Hydrothermal climate resources in the Yellow River Basin have also changed over the past decades, and such changes have profoundly influenced the ecology, environment, and agriculture of this region. Zhang et al. [9] investigated the spatial–temporal variability of the extreme temperature index of the Yellow River Basin, and the results indicated that there has been a warming trend over the past 50 years. Variability in the temperature index was most significant during the winter, and winter contributed the most to the yearly averaged temperature rise. Pan et al. [10] explored the temperature variability of the Yellow River Basin over the past 50 years, and found that temperatures in all four seasons had increased over time. Zhao et al. [11] focused on the spatial–temporal variability in the precipitation index of the Yellow River Basin over the past 50 years, and concluded that precipitation decreased over the period considered. Chen et al. [12] studied the precipitation of the Yellow River Basin across different seasons, and found that on the whole, annual precipitation had decreased (except in the winter, when precipitation increased). They argued that future precipitation trends would be the opposite of those found in the past. Chang et al. [13] studied the time variability of precipitation and rainy days in the Yellow River Basin over the past 50 years, and found large-scale negative trends year-round (except in the winter) for both. Jin et al. [14] discovered in their study that annual precipitation in the Yellow River Basin had a non-significant declining trend. Chen et al. [15] focused on the variability of extreme climatic events in the Yellow River Basin over the past 35 years, and found that the number of extreme low-temperature days had declined, while extreme high-temperature days had increased. Liu et al. [16] explored the temperature and precipitation variability in the Yellow River Basin over the past 50 years, and discovered that temperature had significantly increased with a warmer and wetter trend in the winter. They argued that variability in the maximum and minimum temperature was clearly asymmetric, and that precipitation in the spring had increased. Yang et al. [17] investigated the spatial–temporal distribution of extreme precipitation in the Yellow River Basin, and found that the magnitude of extreme precipitation was subject to evident alterations without significant trends. The frequency of extreme precipitation had increased significantly year-by-year, but precipitation itself had declined.
Clearly, there are some disagreements regarding hydrothermal variability in the Yellow River Basin, and in-depth analysis still needs to be conducted on some of the spatial–temporal details. Existing studies on the Yellow River Basin have mostly focused on a single meteorological parameter (precipitation or temperature), so it has been impossible to obtain a comprehensive understanding of the overall variability in hydrothermal conditions in this region for a given year, or in different seasons. In particular, research has rarely touched upon the future evolution of the hydrothermal climate. In this context, studying the spatial–temporal characteristics of hydrothermal climate conditions and inferring possible future trends of temperature and precipitation in the Yellow River Basin, under the assumption that climate variability will be similar to that found in the past, is highly relevant for ecology, the environment, and agriculture. For this reason, this study selected observation data from 118 meteorological stations distributed in the Yellow River Basin and surrounding regions from 1957–2015 as the object of analysis, and investigated the annual and seasonal characteristics of the hydrothermal climate variability in this region. The future direction of hydrothermal climate conditions was explored based on the analysis of hydrothermal temporal variability in the study area, and assuming that future climate variability will be similar to the past one. The spatial distribution pattern was also described with the purpose of providing some background information about climate change for ecological and environmental management and sustainable agricultural development.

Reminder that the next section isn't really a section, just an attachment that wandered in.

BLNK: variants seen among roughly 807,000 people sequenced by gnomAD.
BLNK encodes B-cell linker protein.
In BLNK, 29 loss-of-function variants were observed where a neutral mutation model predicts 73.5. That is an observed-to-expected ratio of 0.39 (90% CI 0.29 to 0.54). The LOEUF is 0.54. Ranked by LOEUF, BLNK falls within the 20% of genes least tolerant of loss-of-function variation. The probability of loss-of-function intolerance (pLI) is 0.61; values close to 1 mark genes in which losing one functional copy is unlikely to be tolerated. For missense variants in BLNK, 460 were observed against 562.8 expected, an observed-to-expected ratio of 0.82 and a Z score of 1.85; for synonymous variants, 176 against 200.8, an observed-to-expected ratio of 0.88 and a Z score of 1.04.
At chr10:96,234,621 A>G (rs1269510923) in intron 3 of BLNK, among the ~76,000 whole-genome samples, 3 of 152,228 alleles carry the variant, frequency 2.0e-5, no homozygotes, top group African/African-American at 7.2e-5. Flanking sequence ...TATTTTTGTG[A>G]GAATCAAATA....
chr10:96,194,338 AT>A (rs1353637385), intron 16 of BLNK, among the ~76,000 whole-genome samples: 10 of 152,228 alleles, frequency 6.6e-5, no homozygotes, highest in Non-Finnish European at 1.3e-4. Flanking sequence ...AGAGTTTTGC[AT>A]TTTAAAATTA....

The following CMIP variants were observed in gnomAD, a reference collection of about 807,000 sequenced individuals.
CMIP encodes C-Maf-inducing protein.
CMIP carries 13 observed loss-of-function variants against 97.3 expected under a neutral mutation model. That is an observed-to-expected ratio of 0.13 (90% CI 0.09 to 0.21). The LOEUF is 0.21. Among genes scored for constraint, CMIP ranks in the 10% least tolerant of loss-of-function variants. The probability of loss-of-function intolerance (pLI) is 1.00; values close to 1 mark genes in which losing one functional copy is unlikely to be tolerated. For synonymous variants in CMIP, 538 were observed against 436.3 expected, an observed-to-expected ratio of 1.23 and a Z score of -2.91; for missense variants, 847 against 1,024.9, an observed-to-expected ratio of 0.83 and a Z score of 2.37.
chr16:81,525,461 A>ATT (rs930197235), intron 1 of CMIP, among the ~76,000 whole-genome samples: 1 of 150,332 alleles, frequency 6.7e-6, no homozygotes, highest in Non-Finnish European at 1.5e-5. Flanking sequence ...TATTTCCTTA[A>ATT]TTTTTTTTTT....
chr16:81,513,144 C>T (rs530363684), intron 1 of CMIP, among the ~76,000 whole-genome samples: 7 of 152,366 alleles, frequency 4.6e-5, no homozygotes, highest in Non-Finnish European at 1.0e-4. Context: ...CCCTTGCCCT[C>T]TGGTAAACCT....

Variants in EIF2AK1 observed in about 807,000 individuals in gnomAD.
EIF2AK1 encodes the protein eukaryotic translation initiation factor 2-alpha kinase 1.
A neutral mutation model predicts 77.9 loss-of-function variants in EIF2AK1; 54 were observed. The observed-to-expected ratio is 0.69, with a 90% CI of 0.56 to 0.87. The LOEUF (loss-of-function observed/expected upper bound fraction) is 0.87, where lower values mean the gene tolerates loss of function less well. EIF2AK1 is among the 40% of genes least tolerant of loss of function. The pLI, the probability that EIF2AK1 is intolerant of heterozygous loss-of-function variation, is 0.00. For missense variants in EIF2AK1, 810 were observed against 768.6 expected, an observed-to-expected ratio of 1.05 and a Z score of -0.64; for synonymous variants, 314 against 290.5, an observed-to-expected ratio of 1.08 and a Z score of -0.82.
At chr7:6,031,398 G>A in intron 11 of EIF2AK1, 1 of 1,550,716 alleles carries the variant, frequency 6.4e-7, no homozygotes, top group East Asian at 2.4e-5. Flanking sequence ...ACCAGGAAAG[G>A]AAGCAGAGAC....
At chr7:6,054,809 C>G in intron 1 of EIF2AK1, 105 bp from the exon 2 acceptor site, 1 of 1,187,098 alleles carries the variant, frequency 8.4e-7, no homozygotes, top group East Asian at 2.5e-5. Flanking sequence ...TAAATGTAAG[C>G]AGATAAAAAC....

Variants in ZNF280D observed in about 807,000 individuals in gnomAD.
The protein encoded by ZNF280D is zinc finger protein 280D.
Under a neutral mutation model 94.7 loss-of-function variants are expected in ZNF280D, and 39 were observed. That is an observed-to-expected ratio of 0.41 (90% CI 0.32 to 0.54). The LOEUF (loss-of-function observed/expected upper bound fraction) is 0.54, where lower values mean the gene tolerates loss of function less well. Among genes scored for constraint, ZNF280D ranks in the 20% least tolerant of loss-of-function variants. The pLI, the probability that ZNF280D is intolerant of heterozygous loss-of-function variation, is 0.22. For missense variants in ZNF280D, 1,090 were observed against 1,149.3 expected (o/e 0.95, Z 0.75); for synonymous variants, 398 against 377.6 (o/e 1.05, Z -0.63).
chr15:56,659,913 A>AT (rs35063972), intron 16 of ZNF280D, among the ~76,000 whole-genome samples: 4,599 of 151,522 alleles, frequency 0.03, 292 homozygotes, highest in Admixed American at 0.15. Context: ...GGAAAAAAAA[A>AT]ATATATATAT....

The paper is organized as follows. Section 2 describes the study area, data, and methods used. Section 3 carries out a detailed analysis and the main findings. Discussion of the results and conclusions are in the final section.

2. Data Sources and Study Methods

2.1. Study Area

The Yellow River originates in the Bayan Har Mountains on the Qinghai–Tibet Plateau. The full stream length is 5464 km, and the basin area is 795,000 km2. As the second largest river in China, it runs through nine provinces before finally flowing into the Bohai Sea, including Qinghai, Sichuan, Gansu, Ningxia, Inner Mongolia, Shanxi, Shaanxi, Henan, and Shandong. The Yellow River Basin is characterized by very complicated geomorphological types; from west to east, it spans four geomorphological units: the Qinghai–Tibet Plateau, the Inner Mongolian Plateau, the Loess Plateau, and the Huang-Huai-Hai Plain (Figure 1). It also contains humid, semi-humid, semi-arid, and arid areas in China, which respectively account for 5.3%, 54.8%, 28.2%, and 11.7% of the total basin area. The Yellow River Basin is located in the northwest of the East Asian monsoon region. In the winter, it experiences the cold and dry Mongolian High pressure and prevailing northerly winds, and the climate is characterized by low temperatures and less precipitation. In the summer, it is subject to the warm and wet Pacific high pressure and prevailing southeast winds, and its climate is characterized by high temperatures and more precipitation. Precipitation in the summer (from June to September) roughly accounts for 70% of the total precipitation of the year. The mean annual precipitation of the entire basin is 466 mm, which gradually declines from southeast to west. The average annual temperature is between −4 °C and 14 °C. In general, the basin is arid in the west, and constitutes one of the most sensitive and fragile climatic regions in China.